- Prime And Composite Numbers
- The Fundamental Principle Of Arithmetic
- The Prime Factorization Of A Whole Number

Summary: This module is from Elementary Algebra by Denny Burzynski and Wade Ellis, Jr. This chapter contains many examples of arithmetic techniques that are used directly or indirectly in algebra. Since the chapter is intended as a review, the problem-solving techniques are presented without being developed. Therefore, no work space is provided, nor does the chapter contain all of the pedagogical features of the text. As a review, this chapter can be assigned at the discretion of the instructor and can also be a valuable reference tool for the student.

- Prime And Composite Numbers
- The Fundamental Principle Of Arithmetic
- The Prime Factorization Of A Whole Number

Notice that the only factors of 7 are 1 and 7 itself, and that the only factors of 23 are 1 and 23 itself.

A whole number greater than 1 whose only whole number factors are itself and 1 is called a prime number.

The first seven prime numbers are

2, 3, 5, 7, 11, 13, and 17

The number 1 is not considered to be a prime number, and the number 2 is the first and only even prime number.

Many numbers have factors other than themselves and 1. For example, the factors of 28 are 1, 2, 4, 7, 14, and 28 (since each of these whole numbers and only these whole numbers divide into 28 without a remainder).

A whole number that is composed of factors other than itself and 1 is called a composite number. Composite numbers are not prime numbers.

Some composite numbers are 4, 6, 8, 10, 12, and 15.

Prime numbers are very important in the study of mathematics. We will use them soon in our study of fractions. We will now, however, be introduced to an important mathematical principle.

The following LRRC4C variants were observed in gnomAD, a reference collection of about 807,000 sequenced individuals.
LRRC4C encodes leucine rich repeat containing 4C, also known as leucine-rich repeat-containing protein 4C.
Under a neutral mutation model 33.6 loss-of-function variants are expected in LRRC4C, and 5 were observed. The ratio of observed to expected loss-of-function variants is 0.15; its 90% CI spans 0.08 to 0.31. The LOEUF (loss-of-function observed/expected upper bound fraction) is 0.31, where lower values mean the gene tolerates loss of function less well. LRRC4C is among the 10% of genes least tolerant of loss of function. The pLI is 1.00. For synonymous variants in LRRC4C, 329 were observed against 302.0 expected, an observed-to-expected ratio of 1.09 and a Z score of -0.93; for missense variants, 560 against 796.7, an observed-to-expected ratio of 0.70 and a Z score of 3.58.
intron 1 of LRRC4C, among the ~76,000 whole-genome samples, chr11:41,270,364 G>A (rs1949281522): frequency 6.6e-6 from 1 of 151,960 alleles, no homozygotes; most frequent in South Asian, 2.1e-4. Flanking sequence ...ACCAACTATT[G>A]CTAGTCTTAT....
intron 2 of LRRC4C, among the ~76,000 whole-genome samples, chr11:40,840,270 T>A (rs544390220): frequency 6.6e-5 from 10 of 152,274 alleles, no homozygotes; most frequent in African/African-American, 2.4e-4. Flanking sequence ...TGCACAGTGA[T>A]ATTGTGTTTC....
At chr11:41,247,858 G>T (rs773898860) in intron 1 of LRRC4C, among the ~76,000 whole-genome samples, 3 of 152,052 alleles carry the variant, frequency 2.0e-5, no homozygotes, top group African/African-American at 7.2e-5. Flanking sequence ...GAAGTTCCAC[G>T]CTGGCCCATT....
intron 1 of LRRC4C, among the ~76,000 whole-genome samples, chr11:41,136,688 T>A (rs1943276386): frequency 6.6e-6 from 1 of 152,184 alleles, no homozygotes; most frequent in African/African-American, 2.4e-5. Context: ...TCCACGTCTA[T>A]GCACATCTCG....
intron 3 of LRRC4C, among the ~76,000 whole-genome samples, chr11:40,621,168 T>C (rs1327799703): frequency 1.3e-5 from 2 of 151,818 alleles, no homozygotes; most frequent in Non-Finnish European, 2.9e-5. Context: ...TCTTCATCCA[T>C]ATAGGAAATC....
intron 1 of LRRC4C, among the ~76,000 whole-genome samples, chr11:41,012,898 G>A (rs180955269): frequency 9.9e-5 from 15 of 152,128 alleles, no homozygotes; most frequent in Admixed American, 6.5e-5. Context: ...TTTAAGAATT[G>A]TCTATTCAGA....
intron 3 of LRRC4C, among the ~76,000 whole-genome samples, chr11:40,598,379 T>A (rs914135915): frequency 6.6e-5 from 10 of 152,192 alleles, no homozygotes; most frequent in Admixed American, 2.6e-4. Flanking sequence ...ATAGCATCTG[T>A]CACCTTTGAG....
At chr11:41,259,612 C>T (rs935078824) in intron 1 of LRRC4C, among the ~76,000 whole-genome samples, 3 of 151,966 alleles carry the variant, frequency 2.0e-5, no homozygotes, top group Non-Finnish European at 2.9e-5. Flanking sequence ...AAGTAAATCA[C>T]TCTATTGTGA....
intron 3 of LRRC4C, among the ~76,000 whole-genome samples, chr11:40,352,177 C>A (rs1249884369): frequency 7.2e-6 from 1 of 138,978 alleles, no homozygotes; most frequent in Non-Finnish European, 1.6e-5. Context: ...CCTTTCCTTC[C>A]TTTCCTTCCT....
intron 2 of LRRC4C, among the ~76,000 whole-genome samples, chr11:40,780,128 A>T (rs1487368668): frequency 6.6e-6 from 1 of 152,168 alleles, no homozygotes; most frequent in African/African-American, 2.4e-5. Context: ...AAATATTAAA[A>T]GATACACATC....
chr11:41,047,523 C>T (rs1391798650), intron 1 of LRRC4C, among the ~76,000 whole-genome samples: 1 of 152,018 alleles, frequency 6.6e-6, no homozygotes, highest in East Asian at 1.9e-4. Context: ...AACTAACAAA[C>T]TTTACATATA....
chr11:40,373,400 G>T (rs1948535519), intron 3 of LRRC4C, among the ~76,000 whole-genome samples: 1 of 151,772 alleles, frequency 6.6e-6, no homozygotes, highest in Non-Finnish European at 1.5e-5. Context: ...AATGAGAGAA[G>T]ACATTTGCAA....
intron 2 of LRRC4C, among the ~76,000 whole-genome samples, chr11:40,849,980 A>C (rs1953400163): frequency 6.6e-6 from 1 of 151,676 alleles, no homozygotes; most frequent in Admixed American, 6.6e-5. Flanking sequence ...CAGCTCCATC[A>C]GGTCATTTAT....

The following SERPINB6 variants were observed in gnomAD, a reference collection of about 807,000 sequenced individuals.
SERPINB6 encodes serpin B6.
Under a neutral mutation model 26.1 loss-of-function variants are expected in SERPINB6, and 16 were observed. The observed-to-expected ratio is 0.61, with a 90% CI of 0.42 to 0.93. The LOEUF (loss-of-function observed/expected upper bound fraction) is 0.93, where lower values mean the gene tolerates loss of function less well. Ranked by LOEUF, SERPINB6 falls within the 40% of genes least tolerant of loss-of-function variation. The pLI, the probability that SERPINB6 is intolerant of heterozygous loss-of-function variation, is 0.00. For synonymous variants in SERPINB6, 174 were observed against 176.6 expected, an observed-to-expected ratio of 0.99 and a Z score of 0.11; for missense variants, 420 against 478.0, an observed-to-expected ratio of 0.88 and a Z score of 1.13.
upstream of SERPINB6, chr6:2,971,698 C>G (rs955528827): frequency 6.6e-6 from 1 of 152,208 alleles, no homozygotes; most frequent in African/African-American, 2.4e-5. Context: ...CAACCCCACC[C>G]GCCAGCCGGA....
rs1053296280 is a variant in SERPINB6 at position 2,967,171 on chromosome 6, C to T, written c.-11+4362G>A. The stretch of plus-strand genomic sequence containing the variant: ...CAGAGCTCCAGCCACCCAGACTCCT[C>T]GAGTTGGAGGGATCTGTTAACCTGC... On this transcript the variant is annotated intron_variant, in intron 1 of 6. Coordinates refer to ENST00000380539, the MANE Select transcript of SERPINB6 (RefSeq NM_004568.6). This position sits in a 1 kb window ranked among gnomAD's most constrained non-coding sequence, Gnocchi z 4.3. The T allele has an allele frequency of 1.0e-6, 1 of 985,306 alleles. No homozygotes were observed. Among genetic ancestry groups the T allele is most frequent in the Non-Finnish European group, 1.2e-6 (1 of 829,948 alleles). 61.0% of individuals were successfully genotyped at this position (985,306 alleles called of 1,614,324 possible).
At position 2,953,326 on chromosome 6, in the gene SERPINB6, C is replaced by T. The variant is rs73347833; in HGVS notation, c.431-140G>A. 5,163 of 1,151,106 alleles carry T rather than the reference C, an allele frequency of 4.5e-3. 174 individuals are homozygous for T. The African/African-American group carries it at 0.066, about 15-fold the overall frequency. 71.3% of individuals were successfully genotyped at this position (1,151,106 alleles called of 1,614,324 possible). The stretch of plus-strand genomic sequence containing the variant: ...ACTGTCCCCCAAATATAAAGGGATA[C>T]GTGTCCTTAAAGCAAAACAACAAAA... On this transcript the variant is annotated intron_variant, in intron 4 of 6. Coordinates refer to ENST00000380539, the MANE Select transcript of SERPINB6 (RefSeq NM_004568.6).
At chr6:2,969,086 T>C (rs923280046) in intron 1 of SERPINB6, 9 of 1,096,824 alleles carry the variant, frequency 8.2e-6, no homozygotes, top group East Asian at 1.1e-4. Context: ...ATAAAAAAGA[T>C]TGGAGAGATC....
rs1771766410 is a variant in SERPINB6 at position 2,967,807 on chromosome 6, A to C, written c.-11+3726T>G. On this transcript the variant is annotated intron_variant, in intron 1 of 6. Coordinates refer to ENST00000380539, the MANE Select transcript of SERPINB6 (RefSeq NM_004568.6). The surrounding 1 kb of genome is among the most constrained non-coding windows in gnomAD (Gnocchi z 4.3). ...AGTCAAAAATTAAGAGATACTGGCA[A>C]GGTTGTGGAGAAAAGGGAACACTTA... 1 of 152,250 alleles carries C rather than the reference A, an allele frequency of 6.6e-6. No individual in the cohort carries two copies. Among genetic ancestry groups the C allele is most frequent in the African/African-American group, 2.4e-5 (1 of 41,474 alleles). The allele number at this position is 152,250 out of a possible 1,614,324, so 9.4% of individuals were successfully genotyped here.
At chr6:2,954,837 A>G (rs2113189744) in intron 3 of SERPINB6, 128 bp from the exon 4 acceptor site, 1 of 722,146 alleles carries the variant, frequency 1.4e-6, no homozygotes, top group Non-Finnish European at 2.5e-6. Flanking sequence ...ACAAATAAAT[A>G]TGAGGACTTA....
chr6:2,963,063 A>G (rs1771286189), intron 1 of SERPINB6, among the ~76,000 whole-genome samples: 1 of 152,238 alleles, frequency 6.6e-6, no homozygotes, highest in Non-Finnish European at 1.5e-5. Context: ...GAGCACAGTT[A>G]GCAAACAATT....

Except for the order of the factors, every whole number, other than 1, can be factored in one and only one way as a product of prime numbers.

When a number is factored so that all its factors are prime numbers, the factorization is called the prime factorization of the number.

Find the prime factorization of 10.

Both 2 and 5 are prime numbers. Thus,

Find the prime factorization of 60.

The numbers 2, 3, and 5 are all primes. Thus,

Find the prime factorization of 11.

11 is a prime number. Prime factorization applies only to composite numbers.

The following method provides a way of finding the prime factorization of a whole number. The examples that follow will use the method and make it more clear.

- Divide the number repeatedly by the smallest prime number that will divide into the number without a remainder.
- When the prime number used in step 1 no longer divides into the given number without a remainder, repeat the process with the next largest prime number.
- Continue this process until the quotient is 1.
- The prime factorization of the given number is the product of all these prime divisors.

Find the prime factorization of 60.

Since 60 is an even number, it is divisible by 2. We will repeatedly divide by 2 until we no longer can (when we start getting a remainder). We shall divide in the following way.

The prime factorization of 60 is the product of all these divisors.

Find the prime factorization of 441.

Since 441 is an odd number, it is not divisible by 2. We’ll try 3, the next largest prime.

The prime factorization of 441 is the product of all the divisors.

For the following problems, determine which whole numbers are prime and which are composite.

23

prime

25

27

composite

2

3

prime

5

7

prime

9

11

prime

34

55

composite

63

1044

composite

339

209

composite

For the following problems, find the prime factorization of each whole number. Use exponents on repeated factors.

26

38

54

62

56

176

480

819

2025

148,225

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